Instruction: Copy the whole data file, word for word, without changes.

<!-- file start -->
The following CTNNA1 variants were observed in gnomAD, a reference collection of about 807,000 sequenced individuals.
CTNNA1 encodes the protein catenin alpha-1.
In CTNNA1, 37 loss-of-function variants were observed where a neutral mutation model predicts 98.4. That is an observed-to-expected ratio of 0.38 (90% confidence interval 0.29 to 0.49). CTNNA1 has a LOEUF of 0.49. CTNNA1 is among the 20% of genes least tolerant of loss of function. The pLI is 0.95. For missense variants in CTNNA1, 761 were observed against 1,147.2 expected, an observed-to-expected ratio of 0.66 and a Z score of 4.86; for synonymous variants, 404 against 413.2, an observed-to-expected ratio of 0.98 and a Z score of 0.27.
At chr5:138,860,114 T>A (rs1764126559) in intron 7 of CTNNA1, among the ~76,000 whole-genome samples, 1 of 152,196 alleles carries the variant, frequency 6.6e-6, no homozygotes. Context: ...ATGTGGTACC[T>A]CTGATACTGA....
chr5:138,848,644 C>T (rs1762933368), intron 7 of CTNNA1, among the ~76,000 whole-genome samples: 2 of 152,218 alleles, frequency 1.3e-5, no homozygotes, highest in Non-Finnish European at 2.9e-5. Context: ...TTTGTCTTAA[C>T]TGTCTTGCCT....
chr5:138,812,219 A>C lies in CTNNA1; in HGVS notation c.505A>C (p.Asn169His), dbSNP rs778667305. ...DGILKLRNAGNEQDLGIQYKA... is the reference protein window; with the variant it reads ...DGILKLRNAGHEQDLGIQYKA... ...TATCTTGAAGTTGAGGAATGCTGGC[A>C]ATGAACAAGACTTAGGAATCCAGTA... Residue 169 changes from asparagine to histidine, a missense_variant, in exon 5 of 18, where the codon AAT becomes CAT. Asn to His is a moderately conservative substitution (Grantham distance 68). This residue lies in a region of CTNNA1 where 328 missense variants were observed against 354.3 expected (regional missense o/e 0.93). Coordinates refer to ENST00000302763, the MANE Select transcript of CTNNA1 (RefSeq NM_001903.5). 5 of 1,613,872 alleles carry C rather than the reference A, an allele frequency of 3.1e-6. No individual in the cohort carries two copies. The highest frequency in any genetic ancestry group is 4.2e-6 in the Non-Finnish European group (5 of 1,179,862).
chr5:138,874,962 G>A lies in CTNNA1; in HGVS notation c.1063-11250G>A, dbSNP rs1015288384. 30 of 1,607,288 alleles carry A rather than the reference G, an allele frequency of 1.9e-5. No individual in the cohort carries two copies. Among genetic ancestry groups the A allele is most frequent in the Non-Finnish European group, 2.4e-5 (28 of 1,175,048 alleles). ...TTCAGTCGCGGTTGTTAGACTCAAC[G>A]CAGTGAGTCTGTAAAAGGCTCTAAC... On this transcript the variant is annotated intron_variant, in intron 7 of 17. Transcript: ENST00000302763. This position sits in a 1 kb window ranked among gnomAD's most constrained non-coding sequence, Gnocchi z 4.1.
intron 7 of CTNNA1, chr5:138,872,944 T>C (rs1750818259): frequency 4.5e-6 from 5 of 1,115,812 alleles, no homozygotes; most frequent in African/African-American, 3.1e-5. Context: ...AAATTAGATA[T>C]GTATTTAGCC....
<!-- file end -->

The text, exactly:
The following CTNNA1 variants were observed in gnomAD, a reference collection of about 807,000 sequenced individuals.
CTNNA1 encodes the protein catenin alpha-1.
In CTNNA1, 37 loss-of-function variants were observed where a neutral mutation model predicts 98.4. That is an observed-to-expected ratio of 0.38 (90% confidence interval 0.29 to 0.49). CTNNA1 has a LOEUF of 0.49. CTNNA1 is among the 20% of genes least tolerant of loss of function. The pLI is 0.95. For missense variants in CTNNA1, 761 were observed against 1,147.2 expected, an observed-to-expected ratio of 0.66 and a Z score of 4.86; for synonymous variants, 404 against 413.2, an observed-to-expected ratio of 0.98 and a Z score of 0.27.
At chr5:138,860,114 T>A (rs1764126559) in intron 7 of CTNNA1, among the ~76,000 whole-genome samples, 1 of 152,196 alleles carries the variant, frequency 6.6e-6, no homozygotes. Context: ...ATGTGGTACC[T>A]CTGATACTGA....
chr5:138,848,644 C>T (rs1762933368), intron 7 of CTNNA1, among the ~76,000 whole-genome samples: 2 of 152,218 alleles, frequency 1.3e-5, no homozygotes, highest in Non-Finnish European at 2.9e-5. Context: ...TTTGTCTTAA[C>T]TGTCTTGCCT....
chr5:138,812,219 A>C lies in CTNNA1; in HGVS notation c.505A>C (p.Asn169His), dbSNP rs778667305. ...DGILKLRNAGNEQDLGIQYKA... is the reference protein window; with the variant it reads ...DGILKLRNAGHEQDLGIQYKA... ...TATCTTGAAGTTGAGGAATGCTGGC[A>C]ATGAACAAGACTTAGGAATCCAGTA... Residue 169 changes from asparagine to histidine, a missense_variant, in exon 5 of 18, where the codon AAT becomes CAT. Asn to His is a moderately conservative substitution (Grantham distance 68). This residue lies in a region of CTNNA1 where 328 missense variants were observed against 354.3 expected (regional missense o/e 0.93). Coordinates refer to ENST00000302763, the MANE Select transcript of CTNNA1 (RefSeq NM_001903.5). 5 of 1,613,872 alleles carry C rather than the reference A, an allele frequency of 3.1e-6. No individual in the cohort carries two copies. The highest frequency in any genetic ancestry group is 4.2e-6 in the Non-Finnish European group (5 of 1,179,862).
chr5:138,874,962 G>A lies in CTNNA1; in HGVS notation c.1063-11250G>A, dbSNP rs1015288384. 30 of 1,607,288 alleles carry A rather than the reference G, an allele frequency of 1.9e-5. No individual in the cohort carries two copies. Among genetic ancestry groups the A allele is most frequent in the Non-Finnish European group, 2.4e-5 (28 of 1,175,048 alleles). ...TTCAGTCGCGGTTGTTAGACTCAAC[G>A]CAGTGAGTCTGTAAAAGGCTCTAAC... On this transcript the variant is annotated intron_variant, in intron 7 of 17. Transcript: ENST00000302763. This position sits in a 1 kb window ranked among gnomAD's most constrained non-coding sequence, Gnocchi z 4.1.
intron 7 of CTNNA1, chr5:138,872,944 T>C (rs1750818259): frequency 4.5e-6 from 5 of 1,115,812 alleles, no homozygotes; most frequent in African/African-American, 3.1e-5. Context: ...AAATTAGATA[T>C]GTATTTAGCC....